Showcasing the Best of Welsh Business

Exclusive Interview: Simon Wright, South Wales Area Manager with Ad Hoc

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Business News Wales welcomes Ad Hoc’s area Manager for South Wales and the South West, Simon Wright.  He gives us an insight into the business and talks about Wales’ strength as business platform and owning the vacant property solutions market in Wales.

Can you give our readers a little background into yourself and your role within your organisation?

My name is Simon Wright, and I am a proud Welshman who grew up in the Valleys (Aberdare). I moved to Bristol in 1996 to go to University where I studied Electrical and Electronic Engineering. After graduating in 1999, I remained in Bristol where I spent 15 years working in the consumer finance industry. I made the switch to Property Management with Ad Hoc in 2015, where I now lead the South Wales & South West Office. I still live in Bristol and am a keen sportsman playing football every week; I am also an FA level two football coach for Shirehampton Colts Junior Football Club.

What are your plans for the next five years, and where do you see your challenges and opportunities?

Having grown the South West Office to become the largest office outside of London, the challenge is to deliver the same success for our Welsh office in 2017 and beyond. My aim is to make Ad Hoc a household name in Wales and the number one provider of Vacant Property Protection solutions. The challenges I face are to understand the different issues facing Wales and the variations in legislation compared with the South West.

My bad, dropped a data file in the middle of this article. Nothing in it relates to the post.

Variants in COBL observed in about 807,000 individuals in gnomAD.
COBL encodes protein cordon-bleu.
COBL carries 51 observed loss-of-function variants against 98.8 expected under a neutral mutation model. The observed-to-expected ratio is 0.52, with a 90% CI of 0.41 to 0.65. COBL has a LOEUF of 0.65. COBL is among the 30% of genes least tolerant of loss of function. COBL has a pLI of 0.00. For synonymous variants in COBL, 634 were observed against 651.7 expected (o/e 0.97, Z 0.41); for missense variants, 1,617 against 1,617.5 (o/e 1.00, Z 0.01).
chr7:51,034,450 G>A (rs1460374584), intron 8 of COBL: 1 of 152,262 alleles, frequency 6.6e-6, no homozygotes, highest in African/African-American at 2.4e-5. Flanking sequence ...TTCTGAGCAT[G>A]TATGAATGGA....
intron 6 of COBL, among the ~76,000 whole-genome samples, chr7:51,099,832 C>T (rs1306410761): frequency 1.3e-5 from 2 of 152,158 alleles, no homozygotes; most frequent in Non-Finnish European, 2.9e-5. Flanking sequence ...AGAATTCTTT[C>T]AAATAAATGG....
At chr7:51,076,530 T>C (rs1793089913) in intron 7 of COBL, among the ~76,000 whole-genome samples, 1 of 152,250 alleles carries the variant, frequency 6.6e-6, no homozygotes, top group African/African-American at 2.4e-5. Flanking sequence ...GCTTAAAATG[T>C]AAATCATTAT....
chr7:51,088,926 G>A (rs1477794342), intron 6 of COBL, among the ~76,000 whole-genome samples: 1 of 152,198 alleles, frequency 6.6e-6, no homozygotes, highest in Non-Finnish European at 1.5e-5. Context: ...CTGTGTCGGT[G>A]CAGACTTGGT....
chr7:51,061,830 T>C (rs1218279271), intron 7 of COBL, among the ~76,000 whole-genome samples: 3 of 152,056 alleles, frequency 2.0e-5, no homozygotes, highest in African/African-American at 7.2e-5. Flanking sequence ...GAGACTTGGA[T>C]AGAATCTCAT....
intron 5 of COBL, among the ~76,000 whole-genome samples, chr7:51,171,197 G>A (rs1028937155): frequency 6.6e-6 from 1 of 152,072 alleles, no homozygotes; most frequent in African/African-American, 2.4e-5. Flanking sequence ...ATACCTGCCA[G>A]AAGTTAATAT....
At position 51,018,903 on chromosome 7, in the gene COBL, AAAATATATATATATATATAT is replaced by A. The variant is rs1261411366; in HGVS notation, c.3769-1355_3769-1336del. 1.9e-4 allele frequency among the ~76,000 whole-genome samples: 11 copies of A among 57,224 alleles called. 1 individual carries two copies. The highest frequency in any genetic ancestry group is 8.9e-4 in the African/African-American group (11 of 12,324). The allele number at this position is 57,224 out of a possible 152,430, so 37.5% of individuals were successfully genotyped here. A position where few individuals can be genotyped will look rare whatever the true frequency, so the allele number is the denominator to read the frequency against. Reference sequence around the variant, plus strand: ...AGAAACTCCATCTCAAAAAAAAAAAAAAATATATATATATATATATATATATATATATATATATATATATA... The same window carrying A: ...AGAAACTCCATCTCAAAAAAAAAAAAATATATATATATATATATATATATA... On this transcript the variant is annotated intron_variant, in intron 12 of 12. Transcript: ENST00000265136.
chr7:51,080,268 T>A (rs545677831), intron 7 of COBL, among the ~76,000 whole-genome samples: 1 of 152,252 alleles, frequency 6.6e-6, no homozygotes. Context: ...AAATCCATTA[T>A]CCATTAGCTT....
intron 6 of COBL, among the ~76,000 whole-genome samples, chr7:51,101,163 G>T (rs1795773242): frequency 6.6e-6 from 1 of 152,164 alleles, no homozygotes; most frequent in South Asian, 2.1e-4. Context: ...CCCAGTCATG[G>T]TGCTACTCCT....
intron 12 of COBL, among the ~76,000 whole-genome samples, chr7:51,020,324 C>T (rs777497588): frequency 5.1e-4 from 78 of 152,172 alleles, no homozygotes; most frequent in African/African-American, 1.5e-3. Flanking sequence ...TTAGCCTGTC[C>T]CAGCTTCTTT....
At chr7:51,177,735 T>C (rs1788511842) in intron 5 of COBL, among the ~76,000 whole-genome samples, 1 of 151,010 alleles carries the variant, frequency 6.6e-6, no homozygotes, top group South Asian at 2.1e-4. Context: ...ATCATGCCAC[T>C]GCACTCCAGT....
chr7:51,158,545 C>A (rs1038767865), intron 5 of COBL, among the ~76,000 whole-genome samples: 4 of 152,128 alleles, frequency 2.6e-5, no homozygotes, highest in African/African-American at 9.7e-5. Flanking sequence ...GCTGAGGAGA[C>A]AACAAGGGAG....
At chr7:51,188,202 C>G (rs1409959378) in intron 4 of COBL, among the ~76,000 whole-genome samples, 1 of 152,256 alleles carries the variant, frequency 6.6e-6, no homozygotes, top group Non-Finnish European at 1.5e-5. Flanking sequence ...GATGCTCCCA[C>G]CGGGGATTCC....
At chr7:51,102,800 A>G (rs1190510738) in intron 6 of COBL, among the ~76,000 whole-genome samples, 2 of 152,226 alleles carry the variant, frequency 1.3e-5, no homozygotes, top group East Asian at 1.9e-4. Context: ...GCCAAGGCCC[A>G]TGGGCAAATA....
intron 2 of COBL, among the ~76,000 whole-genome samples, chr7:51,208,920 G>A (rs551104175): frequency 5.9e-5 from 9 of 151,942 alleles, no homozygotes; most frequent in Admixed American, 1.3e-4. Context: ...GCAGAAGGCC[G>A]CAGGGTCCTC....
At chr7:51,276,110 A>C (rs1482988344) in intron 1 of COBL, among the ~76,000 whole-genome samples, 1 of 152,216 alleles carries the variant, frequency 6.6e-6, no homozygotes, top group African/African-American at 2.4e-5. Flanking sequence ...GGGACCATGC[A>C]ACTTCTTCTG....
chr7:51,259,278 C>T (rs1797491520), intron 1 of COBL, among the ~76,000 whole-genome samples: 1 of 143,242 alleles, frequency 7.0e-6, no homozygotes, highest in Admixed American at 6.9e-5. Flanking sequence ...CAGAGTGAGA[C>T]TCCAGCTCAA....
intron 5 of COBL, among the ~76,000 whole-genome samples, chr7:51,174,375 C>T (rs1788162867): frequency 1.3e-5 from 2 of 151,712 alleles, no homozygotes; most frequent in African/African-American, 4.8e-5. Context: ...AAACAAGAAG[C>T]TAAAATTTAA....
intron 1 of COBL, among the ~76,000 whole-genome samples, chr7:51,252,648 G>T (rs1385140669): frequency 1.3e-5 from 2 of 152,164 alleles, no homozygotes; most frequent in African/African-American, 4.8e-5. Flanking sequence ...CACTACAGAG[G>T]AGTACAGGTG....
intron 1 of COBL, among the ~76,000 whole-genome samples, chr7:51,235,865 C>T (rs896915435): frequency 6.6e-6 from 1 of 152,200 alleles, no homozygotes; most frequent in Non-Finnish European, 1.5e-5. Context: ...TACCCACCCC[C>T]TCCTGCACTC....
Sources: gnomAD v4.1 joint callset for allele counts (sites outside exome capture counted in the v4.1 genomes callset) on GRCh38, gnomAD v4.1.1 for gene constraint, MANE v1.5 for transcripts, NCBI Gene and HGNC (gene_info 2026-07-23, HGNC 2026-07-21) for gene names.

Looking back at your career, are there things you would have done differently? 

I don’t believe in looking back, only forward. I can’t change the things that are behind me but just learn from them. I know that sounds cheesy but I have very few regrets. I enjoy my job and the challenges it brings. I work very hard but I am fortunate to have a close network of family and friends.

What do you think are the most important qualities for success in business?

Obviously, it’s very important to understand your marketplace, but for me the most important values are openness and honesty, ensuring there are clear expectations for all parties and then delivering on those promises. We are nothing without our clients or guardians and providing a great service for both is paramount to our success.

What are your top three tips for success?

As per the previous question really; build a strong rapport with your clients, have clear open and honest dialogue and ensure the expectations on both sides are set out. As important as anything is be yourself and people will respect you.

Are there any innovations within your sector that you believe should be adopted by the wider Welsh market?

The property occupation model, as provided by organisations like Ad Hoc Property Management, should be adopted as part of a wider housing mix. Delivered in the correct way, the property occupation model provides people with a short-term housing solution at approximately 60% of the market rate in comparison with alternatives like renting. Using a very strict set of guidelines called a license agreement between the individual and the property guardian company, this solution is perfect for individuals either looking to set up on their own whilst saving for something significant or who are working in an area for a short period of time.

Do you foresee any issues that Welsh business will be facing in the short/medium/long term?